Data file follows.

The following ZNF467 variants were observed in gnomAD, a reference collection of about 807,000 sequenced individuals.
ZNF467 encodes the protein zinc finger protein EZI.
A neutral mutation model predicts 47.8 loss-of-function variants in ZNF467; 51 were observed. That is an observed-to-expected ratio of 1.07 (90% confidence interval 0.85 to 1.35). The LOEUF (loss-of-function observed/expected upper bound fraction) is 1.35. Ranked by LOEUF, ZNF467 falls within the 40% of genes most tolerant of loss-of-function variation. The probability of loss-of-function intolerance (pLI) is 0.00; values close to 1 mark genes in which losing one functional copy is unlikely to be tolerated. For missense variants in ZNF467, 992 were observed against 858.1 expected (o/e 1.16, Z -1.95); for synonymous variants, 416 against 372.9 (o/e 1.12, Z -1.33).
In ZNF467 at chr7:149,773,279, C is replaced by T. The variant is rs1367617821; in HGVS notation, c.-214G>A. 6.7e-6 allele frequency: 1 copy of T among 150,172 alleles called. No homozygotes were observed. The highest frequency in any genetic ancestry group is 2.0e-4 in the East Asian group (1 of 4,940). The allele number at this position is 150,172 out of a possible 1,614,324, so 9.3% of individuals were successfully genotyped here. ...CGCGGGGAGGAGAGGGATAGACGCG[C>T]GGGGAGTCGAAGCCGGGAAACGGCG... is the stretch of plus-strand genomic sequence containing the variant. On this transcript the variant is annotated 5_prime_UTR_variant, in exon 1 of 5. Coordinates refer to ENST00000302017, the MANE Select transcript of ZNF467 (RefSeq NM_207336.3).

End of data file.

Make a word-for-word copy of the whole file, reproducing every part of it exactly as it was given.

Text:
The following ZNF467 variants were observed in gnomAD, a reference collection of about 807,000 sequenced individuals.
ZNF467 encodes the protein zinc finger protein EZI.
A neutral mutation model predicts 47.8 loss-of-function variants in ZNF467; 51 were observed. That is an observed-to-expected ratio of 1.07 (90% confidence interval 0.85 to 1.35). The LOEUF (loss-of-function observed/expected upper bound fraction) is 1.35. Ranked by LOEUF, ZNF467 falls within the 40% of genes most tolerant of loss-of-function variation. The probability of loss-of-function intolerance (pLI) is 0.00; values close to 1 mark genes in which losing one functional copy is unlikely to be tolerated. For missense variants in ZNF467, 992 were observed against 858.1 expected (o/e 1.16, Z -1.95); for synonymous variants, 416 against 372.9 (o/e 1.12, Z -1.33).
In ZNF467 at chr7:149,773,279, C is replaced by T. The variant is rs1367617821; in HGVS notation, c.-214G>A. 6.7e-6 allele frequency: 1 copy of T among 150,172 alleles called. No homozygotes were observed. The highest frequency in any genetic ancestry group is 2.0e-4 in the East Asian group (1 of 4,940). The allele number at this position is 150,172 out of a possible 1,614,324, so 9.3% of individuals were successfully genotyped here. ...CGCGGGGAGGAGAGGGATAGACGCG[C>T]GGGGAGTCGAAGCCGGGAAACGGCG... is the stretch of plus-strand genomic sequence containing the variant. On this transcript the variant is annotated 5_prime_UTR_variant, in exon 1 of 5. Coordinates refer to ENST00000302017, the MANE Select transcript of ZNF467 (RefSeq NM_207336.3).